Apparent temperature

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Apparent temperature is the temperature equivalent perceived by humans, caused by the combined effects of air temperature, relative humidity and wind speed. The measure is most commonly applied to the perceived outdoor temperature. However it also applies to indoor temperatures, especially saunas and when houses and workplaces are not sufficiently heated or cooled.

  • The heat index and humidex measure the effect of humidity on the perception of temperatures above +27 °C (81 °F). In humid conditions, the air feels much hotter because less perspiration evaporates from the skin.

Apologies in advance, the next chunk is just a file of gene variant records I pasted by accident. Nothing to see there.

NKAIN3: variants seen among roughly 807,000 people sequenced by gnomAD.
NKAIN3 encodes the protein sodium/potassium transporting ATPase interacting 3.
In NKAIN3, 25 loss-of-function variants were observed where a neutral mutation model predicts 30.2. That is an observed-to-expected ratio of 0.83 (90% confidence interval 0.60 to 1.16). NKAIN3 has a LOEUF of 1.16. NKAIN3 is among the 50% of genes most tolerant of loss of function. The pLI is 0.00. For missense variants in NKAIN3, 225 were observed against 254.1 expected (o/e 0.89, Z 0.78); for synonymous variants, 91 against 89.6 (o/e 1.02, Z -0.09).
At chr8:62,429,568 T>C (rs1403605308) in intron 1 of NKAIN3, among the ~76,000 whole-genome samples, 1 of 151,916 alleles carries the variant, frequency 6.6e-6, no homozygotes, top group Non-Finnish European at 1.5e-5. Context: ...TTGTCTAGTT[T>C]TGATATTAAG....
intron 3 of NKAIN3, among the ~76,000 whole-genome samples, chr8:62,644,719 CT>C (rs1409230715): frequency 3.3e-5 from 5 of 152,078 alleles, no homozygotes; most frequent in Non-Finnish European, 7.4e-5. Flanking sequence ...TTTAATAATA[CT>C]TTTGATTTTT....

• The wind chill factor measures the effect of wind speed on cooling of the human body below 10 °C (50 °F). As airflow increases over the skin, more heat will be removed. Standard models and conditions are used.
  • The wet-bulb globe temperature (WBGT) combines the effects of radiation, humidity, temperature and wind speed on the perception of temperature. It is not often used as the resulting figure is very location specific (e.g. cloud cover and/or wind shielding).

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